The Centers for Medicare and Medicaid Services (CMS) has announced a new payment model that seeks to reduce out of pocket costs for patients. This payment model arises out of the Administration’s American Patients First Blueprint that was released earlier this spring. CMS is providing this notice of its new proposed payment model via an Advance Notice of Proposed Rulemaking, meaning the formal proposed rule will be introduced in the immediate future.
CMS’ proposal to lower drug prices will be in three stages. First, the agency will be introducing the “international pricing index” (IPI payment model) where Medicare’s payments for select physician-administered drugs covered under Part B would shift to a level more closely aligned with prices in other countries. Overall savings for American taxpayers and patients are projected to total $17.2 billion over five years. The IPI model would apply to 50 percent of the country, and would cover most drugs in Medicare Part B, which includes physician-administered medicines such as infusions. The model would draw on HHS analysis comparing the U.S. against 16 other nations to benchmark the selected drugs against.
Secondly, taking recommendations from MedPAC, the Administration will experiment with having private sector vendors negotiate with manufacturers for drug prices under the Medicare Part B program, to mimic how payers negotiate drug prices under Medicare Part D. This approach will be piloted in certain geographic areas where there will be mandatory participation for physicians and hospitals. Vendors under this proposal would aggregate purchasing, seek volume-based discounts, and compete for providers’ business, creating a competitive marketplace.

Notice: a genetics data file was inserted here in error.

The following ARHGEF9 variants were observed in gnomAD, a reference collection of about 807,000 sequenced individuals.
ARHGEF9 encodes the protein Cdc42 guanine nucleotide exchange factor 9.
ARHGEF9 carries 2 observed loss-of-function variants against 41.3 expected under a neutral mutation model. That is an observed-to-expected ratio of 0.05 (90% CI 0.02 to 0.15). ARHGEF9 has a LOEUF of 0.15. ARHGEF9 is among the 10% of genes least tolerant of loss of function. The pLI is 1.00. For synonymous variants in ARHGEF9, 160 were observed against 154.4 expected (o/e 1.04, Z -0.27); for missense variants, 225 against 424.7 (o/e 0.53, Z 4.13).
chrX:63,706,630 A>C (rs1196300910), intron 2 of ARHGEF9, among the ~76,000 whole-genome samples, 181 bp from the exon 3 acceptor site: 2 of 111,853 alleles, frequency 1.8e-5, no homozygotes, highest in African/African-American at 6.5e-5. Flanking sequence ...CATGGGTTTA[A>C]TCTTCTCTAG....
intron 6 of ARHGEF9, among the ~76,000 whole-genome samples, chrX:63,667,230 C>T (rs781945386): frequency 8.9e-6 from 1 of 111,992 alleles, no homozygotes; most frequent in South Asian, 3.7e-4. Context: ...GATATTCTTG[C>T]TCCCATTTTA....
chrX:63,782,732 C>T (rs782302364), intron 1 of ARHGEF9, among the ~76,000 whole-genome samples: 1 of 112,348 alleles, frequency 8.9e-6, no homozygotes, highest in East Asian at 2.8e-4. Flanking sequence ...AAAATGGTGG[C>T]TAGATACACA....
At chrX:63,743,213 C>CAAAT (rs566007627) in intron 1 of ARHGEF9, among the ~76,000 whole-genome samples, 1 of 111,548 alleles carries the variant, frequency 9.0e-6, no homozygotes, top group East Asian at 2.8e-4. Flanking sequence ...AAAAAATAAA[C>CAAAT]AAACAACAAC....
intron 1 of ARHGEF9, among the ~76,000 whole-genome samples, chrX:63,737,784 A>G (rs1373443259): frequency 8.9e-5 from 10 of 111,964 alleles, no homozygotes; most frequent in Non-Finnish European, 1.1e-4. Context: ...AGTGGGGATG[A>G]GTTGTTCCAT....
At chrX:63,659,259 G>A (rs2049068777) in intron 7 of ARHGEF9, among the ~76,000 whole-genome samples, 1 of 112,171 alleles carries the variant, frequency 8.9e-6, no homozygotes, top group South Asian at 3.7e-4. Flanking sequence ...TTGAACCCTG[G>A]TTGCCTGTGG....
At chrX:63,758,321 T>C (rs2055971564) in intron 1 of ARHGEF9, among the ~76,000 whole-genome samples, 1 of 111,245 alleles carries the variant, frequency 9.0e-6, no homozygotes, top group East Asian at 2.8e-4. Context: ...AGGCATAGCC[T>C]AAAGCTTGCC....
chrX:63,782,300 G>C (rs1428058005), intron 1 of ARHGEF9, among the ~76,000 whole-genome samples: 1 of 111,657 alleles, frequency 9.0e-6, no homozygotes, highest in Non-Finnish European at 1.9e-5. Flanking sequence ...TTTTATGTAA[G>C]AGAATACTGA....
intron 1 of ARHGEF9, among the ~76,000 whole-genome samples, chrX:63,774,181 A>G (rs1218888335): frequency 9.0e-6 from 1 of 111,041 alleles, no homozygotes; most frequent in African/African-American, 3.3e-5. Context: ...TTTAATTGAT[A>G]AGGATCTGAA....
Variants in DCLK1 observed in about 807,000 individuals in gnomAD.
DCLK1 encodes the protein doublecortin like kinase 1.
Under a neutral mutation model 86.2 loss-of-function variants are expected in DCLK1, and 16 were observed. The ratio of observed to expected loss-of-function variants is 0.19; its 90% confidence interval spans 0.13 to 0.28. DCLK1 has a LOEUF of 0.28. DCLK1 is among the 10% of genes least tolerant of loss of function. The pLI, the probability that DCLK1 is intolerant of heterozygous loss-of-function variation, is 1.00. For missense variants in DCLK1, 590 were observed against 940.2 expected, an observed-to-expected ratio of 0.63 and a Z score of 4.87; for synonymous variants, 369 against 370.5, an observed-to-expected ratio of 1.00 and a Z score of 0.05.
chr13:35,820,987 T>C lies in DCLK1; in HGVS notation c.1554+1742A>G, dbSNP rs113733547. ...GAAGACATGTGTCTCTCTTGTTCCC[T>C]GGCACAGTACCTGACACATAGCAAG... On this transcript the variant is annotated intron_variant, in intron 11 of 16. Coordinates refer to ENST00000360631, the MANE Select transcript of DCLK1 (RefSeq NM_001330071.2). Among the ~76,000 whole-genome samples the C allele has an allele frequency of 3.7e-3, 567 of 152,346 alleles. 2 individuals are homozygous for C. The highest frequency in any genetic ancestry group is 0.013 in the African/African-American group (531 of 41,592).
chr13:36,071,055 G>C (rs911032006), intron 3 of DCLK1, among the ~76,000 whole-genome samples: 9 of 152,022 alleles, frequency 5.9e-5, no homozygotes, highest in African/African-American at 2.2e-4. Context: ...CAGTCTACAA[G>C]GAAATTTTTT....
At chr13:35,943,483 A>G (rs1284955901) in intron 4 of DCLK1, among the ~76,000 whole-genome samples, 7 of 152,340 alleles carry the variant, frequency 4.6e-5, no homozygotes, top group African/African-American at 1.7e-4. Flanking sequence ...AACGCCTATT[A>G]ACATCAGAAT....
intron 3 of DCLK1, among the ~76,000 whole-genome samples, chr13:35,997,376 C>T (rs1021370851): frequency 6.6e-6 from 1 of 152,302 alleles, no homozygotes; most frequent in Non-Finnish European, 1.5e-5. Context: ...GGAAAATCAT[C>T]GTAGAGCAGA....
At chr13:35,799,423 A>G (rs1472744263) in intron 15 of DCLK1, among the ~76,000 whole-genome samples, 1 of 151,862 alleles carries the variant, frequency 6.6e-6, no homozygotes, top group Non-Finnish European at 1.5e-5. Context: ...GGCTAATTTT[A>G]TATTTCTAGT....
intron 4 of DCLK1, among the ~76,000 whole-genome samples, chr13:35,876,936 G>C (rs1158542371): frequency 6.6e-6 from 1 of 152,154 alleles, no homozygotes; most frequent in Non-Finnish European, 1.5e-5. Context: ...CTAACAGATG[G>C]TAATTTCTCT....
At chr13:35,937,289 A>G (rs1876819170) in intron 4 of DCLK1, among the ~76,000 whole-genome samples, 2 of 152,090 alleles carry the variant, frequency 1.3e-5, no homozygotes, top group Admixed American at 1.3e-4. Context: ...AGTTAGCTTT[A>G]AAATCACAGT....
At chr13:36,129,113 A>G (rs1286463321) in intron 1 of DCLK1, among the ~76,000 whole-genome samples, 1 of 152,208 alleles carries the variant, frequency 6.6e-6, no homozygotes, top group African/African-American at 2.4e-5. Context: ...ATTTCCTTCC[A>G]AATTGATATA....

Lastly, CMS is attempting to change prescribing incentives for physicians to prescribe lower costs medications. Under CMS’ proposal, physicians will be transitioning away from a percentage reimbursement to a flat fee. This is mirrored on the reimbursement discussed under the previous Administration’s vision of a flat fee for oncologists, and an idea that has been consistently advocated since by MedPAC.
CMS’ payment model policy shifts have the ability to severely impact several key stakeholders in the healthcare continuum, including:
– Oncology Physicians
– Infusion Providers
– Healthcare providers administering medications covered under Part B
Frier Levitt Government Affairs (FLGA) helps clients and prospective clients identify opportunities and threats to your business models including changes to your reimbursement. With the backing of national boutique healthcare law firm Frier Levitt, LLC, FLGA can provide clients with in-depth comments to CMS on why this will have a negative effect on impacted stakeholders. Even though this proposal is planned for 2019 or 2020, it is essential for stakeholders to start planning their responses now to ensure that their voices are heard. Contact Frier Levitt Government Affairs today to get started.